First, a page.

An academic collaboration between Cambridge and Oxford universities has used Big Data to analyse the final checksum of the effects of a major London tube strike – and found that it brought net benefits by forcing commuters to experiment rationally with how they use London’s tube system, and to find more optimal alternatives which they adopted thereafter. Additionally the research brings into focus both the inadequacy of the famous ‘circuit-diagram’ tube map and the shortcomings of existing travel planners for the city.
Finally the study not only contains a vivid example of the insights that Big Data can offer productivity workflows and systems, but also a strong indicator that entropy – in the sense of the tendency to stop at the first ‘workable’ solution to a problem, regardless of whether it is necessarily the best – is costing government, business and individuals significant amounts of money and inconvenience.
The Benefits of Forced Experimentation: Striking Evidence from the London Underground Network [PDF] by Shaun Larcom, Ferdinand Rauch and Tim Willems is a particularly readable and lucid account of the analysis of the usage of 18,113 Oyster cards both before, during and after a major London Underground strike which closed 171 out of 270 tube stations for two days. The large data set, which covers the period of January 19th 2014 to February 15th 2014, contains millions of data points and was anonymised before being provided to the researchers by London Transport.
The scientists restricted the study to a baseline of Oyster-using commuters who ‘forged on’ through the service disruption, and whose movements could be studied both before and after the strike. The characteristics of the strike itself made the study meaningful, since enough of the London tube stations and routes were left operational to provide auto-piloting commuters with some alternative travel choices that they would actually have to think about, evaluate and try out. Since the data set was confined to Oyster-based travel within the underground network, complete closures would have yielded no meaningful evidence of commuters ‘adapting and evolving’ to the problem facing them.
The results, the researchers contend, lend increased credence to the often-criticised ‘Porter Hypothesis’ as posited by Harvard Professor Michael Porter. The hypothesis, which deals with environmental regulations, argues at a deeper level that systems coalesce and retrench significantly before they reach their optimal configuration; that, in essence, disruption is a necessary imperative towards improved systems – whether of infrastructure or of travelling to work.
The report concludes that ‘despite the fact that a substantial share of travelers is likely to have received help from online journey planners, from previous disruptions to the network (calling for earlier experimentation), as well as from the experiences of others, they were still not maximizing. Given that the challenges faced by businesses are arguably more complex than the commuter-problem analyzed in [this paper] it seems likely that many firms are not operating efficiently either. Consequently, the Porter-hypothesis…might be less implausible than its critics, such as Palmer, Oates and Portney (1995) and Schmalensee (1993), have argued.’
The inadequacies of the ‘circuit-diagram’ London tube map
The report additionally posits that the faulty initial configuration of many commuters’ journeys is likely ascribable to bad input data in the form of the 84 year-old ‘circuit diagram’ designed by electrical draughtsman Harry Beck in 1933. The map seemed an ingenious replacement to a series of increasingly confused efforts to visualise the pell-mell growth of the London Underground in a useful manner, but has come under criticism in recent years for its low (0.22) accuracy relative to the actual geography it traverses. The Oxford and Cambridge researchers additionally note that neither the existing publicly-provided maps nor official route-planners such as Transport For London take account the disparate speeds or crowding conditions between the various tube lines:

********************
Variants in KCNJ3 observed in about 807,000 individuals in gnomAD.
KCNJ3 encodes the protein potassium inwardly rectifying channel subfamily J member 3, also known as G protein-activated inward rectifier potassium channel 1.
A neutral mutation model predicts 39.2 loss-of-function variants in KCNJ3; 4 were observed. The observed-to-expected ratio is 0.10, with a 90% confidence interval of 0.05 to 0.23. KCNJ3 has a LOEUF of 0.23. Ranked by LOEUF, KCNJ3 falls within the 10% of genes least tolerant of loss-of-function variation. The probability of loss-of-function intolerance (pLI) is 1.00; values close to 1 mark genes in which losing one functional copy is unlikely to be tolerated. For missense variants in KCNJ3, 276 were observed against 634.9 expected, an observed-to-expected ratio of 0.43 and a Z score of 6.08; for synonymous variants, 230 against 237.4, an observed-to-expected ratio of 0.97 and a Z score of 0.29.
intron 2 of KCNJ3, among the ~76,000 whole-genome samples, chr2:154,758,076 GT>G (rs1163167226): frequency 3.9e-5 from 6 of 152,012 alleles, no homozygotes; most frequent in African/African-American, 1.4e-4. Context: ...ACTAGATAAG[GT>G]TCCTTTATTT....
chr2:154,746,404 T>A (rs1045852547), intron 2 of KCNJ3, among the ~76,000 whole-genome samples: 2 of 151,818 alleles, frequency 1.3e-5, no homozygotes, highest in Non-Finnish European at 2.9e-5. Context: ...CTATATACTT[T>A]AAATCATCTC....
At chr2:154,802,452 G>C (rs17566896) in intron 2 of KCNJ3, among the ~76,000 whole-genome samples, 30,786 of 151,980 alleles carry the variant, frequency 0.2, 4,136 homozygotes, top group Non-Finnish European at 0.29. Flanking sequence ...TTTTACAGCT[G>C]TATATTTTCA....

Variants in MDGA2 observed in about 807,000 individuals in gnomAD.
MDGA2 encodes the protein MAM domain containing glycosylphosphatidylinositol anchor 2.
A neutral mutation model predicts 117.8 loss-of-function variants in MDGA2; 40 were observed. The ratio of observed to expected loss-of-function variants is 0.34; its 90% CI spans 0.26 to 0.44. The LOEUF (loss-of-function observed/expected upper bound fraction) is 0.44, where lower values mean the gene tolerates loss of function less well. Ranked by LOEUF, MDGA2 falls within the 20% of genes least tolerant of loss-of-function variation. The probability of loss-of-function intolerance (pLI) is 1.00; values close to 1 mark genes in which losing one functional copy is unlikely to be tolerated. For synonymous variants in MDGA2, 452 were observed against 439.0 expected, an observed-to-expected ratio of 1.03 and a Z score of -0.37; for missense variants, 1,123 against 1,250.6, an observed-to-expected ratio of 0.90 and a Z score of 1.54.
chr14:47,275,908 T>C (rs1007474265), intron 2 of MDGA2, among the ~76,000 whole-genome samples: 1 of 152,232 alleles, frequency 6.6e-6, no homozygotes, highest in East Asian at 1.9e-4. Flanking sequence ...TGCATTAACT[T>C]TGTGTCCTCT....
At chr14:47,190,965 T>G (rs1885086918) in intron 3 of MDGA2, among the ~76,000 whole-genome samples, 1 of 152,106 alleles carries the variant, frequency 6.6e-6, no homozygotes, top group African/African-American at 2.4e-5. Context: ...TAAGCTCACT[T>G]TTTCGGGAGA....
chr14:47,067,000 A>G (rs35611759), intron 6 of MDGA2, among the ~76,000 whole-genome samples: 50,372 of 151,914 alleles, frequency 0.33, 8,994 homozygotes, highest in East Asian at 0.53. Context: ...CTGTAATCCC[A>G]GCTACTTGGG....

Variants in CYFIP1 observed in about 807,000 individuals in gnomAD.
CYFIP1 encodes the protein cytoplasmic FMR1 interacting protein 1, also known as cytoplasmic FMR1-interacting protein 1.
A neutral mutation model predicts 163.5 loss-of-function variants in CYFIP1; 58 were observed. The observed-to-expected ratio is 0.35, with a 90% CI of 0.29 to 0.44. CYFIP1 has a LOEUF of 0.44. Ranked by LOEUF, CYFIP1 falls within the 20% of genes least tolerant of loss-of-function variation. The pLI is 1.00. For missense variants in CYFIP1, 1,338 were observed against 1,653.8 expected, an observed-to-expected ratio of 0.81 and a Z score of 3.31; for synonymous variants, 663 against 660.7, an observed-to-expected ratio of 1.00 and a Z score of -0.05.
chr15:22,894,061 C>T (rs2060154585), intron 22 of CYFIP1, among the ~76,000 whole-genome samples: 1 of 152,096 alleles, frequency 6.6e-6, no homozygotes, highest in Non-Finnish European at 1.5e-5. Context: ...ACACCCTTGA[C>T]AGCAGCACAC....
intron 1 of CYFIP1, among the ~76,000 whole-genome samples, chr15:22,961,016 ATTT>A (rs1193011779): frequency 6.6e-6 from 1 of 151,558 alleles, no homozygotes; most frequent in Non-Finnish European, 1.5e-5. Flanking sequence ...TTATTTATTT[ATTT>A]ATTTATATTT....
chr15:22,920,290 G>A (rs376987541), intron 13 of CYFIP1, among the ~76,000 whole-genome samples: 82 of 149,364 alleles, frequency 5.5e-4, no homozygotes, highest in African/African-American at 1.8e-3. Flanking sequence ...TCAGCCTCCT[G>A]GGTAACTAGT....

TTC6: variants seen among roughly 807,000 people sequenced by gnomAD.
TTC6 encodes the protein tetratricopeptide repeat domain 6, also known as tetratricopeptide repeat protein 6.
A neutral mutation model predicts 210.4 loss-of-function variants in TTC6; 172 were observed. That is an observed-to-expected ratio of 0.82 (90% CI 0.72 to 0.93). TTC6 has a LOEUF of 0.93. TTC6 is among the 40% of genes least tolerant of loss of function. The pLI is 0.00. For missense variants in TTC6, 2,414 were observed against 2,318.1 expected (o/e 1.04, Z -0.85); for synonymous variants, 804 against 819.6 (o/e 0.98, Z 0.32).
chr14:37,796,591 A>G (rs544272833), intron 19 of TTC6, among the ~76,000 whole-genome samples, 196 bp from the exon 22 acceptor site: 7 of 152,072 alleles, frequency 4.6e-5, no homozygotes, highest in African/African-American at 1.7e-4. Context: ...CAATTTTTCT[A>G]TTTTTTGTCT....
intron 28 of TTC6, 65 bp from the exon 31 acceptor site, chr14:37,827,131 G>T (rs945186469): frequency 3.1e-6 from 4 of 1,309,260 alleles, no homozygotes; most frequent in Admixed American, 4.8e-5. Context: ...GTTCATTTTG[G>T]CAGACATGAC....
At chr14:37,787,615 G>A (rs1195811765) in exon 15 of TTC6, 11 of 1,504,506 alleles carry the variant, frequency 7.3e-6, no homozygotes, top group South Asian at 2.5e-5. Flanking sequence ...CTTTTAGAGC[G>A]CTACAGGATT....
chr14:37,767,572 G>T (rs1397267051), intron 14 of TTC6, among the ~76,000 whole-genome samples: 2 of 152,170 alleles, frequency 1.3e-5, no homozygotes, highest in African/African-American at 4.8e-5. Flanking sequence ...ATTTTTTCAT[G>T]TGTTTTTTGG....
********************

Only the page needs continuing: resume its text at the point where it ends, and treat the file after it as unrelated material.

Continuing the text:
‘Next to commuting time, travelers are initially also uncertain on many characteristics of the various available alternatives. How crowded is a particular line at the preferred time of travel? Is the route from the exit station to the final destination convenient (is there for example a supermarket along the way, or does it happen to take you past a place that serves good breakfast)?
‘An important way in which these various uncertainties can be reduced, is by actually trying the available alternatives i.e. through experimentation. ‘
The tendency to stop at the first workable solution
In an uncharacteristically philosophical flourish, the report concludes by posing the question ‘when was the last time that you did something for the first time?’. It is an extraordinarily interesting question in terms of both the practical implications of Big Data – which seeks to identify, characterise and classify trends in much the same spirit as marketing companies, and for many of the same commercial imperatives – and of economics in general.
In terms of the philosophy of free market economics, the study brings to light two competing models for the practicality of gaining economic benefits from Big Data: the identification of what people actually do, which brings with it the possibility of increasing the value and exploitation of the most popular trends observed; and information about what they don’t do, and why they don’t do it – which hints at untapped markets, new governmental and infrastructural economies and ‘painless’ rationalisation.